On Thursday April 25th, EAT South’s Mark Bowen was one of four farmers and food advocates that were invited to speak on Capitol Hill in Washington, DC to be a part of a panel on “Policies that Promote Healthy Food and Healthy Economies”. The panel was sponsored by the Congressional Tri-Caucus (Asian, Hispanic, and Black Caucuses) as a part of a new partnership between four food advocacy organizations that collectively call themselves the Food and Agriculture Policy Collaborative, which consists of the Food Research and Action Center (FRAC), Fair Food Network, Policy Link, and the National Sustainable Agriculture Coalition (NSAC). Each organization chose a single farmer or food advocate to be a part of the panel. Mr. Bowen was sponsored by NSAC.
Each of the panel participants discussed different topics concerning food policy issues. Though the panelist’s topics may have been different, all topics discussed were intertwined. In other words, all issues addressed by the panelists depend on one another to ensure success and a better food system. Mr. Bowen covered stranded farm bill programs - programs currently unfunded as a result of the extension of the farm bill. The two stranded programs that Mr. Bowen focused on were the Farmer’s Market Promotion Program and the Beginning Farmer Rancher Development Program. Both programs that Mr. Bowen spoke to are programs that have benefited Alabamians. EAT South received a Farmers Market Promotion Program grant through the USDA to build infrastructure at the Downtown farm, which annually serves thousands of children and adults in Montgomery and throughout Alabama. The Beginning Farmer and Rancher Development Program funded the Alabama Sustainable Agriculture Network (or ASAN, which EAT South’s Executive Director Edwin Marty sits on the board of) to create the capacity for local farmers to gain access to local markets and to receive the training they need to become good farmers.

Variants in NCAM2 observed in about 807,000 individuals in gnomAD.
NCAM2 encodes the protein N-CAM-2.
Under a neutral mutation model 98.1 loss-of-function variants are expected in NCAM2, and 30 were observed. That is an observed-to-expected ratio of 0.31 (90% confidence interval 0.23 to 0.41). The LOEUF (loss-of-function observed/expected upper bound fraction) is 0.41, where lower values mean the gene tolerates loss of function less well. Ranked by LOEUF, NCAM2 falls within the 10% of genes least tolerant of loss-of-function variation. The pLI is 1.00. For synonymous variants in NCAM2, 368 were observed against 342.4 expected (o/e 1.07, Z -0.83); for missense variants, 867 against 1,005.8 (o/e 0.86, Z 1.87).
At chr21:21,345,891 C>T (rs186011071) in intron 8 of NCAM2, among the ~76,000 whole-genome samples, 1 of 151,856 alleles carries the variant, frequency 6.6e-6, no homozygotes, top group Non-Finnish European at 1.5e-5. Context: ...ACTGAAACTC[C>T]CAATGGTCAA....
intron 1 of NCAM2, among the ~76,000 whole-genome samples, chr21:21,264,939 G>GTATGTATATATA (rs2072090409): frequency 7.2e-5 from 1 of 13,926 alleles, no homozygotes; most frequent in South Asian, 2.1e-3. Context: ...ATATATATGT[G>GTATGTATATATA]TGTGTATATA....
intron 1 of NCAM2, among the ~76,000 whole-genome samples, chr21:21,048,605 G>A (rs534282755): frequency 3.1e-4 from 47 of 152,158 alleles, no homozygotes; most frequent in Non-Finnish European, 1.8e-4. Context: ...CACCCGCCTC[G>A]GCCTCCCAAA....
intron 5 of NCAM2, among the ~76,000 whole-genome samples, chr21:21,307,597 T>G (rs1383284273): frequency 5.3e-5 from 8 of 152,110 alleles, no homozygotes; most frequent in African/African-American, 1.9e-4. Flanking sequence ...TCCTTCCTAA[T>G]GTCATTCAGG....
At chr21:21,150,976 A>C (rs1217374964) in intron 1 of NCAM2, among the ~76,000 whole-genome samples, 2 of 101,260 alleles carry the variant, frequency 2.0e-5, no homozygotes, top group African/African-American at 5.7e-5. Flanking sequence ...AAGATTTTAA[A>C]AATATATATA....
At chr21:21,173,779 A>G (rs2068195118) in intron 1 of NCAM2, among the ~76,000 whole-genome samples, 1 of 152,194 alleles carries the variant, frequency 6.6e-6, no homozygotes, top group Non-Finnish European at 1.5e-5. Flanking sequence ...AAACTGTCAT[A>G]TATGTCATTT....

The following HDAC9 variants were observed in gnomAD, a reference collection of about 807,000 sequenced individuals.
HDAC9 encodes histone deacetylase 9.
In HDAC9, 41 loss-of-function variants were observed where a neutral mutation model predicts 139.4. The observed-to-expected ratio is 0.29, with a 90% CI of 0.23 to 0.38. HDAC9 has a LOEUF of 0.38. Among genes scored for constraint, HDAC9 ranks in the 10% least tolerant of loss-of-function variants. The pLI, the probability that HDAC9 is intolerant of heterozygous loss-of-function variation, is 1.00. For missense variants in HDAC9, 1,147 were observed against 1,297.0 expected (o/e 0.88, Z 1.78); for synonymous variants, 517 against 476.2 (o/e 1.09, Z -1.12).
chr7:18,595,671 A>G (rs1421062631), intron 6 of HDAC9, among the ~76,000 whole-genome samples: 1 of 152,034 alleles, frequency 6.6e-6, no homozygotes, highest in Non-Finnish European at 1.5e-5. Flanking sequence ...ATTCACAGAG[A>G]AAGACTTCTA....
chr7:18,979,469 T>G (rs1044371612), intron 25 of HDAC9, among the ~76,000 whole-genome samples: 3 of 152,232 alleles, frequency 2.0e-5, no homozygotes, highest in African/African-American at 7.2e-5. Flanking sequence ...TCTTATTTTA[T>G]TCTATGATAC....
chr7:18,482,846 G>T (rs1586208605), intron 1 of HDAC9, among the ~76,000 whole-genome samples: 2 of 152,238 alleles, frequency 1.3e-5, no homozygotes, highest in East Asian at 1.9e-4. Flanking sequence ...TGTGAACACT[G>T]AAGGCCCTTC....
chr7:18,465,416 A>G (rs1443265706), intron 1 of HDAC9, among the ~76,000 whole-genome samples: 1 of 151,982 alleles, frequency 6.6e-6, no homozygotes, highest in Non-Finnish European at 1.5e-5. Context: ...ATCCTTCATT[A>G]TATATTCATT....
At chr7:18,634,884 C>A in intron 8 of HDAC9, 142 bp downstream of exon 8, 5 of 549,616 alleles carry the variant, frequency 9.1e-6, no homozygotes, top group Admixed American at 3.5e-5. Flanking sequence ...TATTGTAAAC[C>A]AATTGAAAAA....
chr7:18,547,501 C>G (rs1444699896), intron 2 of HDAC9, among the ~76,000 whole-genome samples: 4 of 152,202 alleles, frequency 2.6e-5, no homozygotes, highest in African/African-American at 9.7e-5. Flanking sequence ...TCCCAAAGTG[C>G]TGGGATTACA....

Speaking on the Hill is an important component in creating a food system that EAT South strives to implement. The speakers on this panel are ultimately most effective on a local level. When local food programs and policies are supported by their community and by local and state government, federal laws begin to change. The change begins here in Montgomery, in Alabama, and throughout the south.
To learn more about the panel discussion and to read the testimony Mark Bowen gave on the Hill, visit http://sustainableagriculture.net/blog/alabama-farmer-on-healthy-food/.